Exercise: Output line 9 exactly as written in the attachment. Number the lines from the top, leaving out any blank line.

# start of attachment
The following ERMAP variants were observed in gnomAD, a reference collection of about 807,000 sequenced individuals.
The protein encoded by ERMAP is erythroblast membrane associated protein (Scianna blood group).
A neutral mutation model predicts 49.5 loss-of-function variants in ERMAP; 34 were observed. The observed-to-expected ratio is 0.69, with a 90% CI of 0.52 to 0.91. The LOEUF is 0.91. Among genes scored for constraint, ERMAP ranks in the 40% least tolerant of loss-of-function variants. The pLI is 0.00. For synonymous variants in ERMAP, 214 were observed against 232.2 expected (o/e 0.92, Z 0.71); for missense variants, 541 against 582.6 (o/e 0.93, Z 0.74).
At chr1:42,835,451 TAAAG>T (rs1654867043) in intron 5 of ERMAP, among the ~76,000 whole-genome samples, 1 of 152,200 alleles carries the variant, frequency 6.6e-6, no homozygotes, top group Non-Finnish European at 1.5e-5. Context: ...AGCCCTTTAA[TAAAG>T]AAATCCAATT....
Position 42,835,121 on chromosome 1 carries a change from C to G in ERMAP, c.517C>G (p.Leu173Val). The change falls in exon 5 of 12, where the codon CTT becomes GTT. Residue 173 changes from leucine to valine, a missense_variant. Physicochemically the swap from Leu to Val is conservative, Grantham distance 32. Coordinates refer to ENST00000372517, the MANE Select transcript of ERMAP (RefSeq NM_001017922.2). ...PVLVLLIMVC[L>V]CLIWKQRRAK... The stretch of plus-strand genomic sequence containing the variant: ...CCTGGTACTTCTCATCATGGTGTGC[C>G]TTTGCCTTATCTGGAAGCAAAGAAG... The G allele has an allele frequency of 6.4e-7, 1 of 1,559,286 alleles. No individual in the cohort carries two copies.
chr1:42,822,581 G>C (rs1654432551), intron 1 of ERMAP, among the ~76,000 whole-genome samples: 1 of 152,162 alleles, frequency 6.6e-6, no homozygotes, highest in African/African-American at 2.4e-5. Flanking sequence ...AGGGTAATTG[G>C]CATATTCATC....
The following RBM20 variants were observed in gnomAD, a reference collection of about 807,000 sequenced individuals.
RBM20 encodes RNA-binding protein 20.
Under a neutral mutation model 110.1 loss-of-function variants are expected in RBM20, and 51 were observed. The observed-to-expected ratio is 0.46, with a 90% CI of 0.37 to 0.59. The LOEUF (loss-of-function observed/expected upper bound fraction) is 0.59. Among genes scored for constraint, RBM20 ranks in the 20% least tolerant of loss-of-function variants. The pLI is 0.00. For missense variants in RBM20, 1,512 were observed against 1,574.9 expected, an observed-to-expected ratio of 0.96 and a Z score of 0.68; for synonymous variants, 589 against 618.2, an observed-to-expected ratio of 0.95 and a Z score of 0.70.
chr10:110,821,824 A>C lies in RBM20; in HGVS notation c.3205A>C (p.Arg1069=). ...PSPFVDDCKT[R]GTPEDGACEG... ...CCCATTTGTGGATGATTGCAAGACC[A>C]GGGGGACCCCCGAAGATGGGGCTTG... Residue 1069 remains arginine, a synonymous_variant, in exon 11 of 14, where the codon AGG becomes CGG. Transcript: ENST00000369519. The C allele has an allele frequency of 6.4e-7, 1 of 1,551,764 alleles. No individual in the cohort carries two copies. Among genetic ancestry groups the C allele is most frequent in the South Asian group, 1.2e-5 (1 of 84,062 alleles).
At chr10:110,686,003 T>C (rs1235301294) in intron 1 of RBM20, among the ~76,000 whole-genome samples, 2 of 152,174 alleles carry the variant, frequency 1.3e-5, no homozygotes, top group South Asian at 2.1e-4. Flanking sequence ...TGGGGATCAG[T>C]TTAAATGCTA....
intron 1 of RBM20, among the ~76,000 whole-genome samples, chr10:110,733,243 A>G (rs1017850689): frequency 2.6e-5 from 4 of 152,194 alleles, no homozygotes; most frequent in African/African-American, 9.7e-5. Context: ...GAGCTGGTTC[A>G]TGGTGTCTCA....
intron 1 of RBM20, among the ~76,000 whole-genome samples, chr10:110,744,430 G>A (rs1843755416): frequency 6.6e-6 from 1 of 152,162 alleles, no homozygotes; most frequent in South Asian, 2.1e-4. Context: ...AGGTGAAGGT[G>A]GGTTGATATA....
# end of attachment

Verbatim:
Under a neutral mutation model 110.1 loss-of-function variants are expected in RBM20, and 51 were observed. The observed-to-expected ratio is 0.46, with a 90% CI of 0.37 to 0.59. The LOEUF (loss-of-function observed/expected upper bound fraction) is 0.59. Among genes scored for constraint, RBM20 ranks in the 20% least tolerant of loss-of-function variants. The pLI is 0.00. For missense variants in RBM20, 1,512 were observed against 1,574.9 expected, an observed-to-expected ratio of 0.96 and a Z score of 0.68; for synonymous variants, 589 against 618.2, an observed-to-expected ratio of 0.95 and a Z score of 0.70.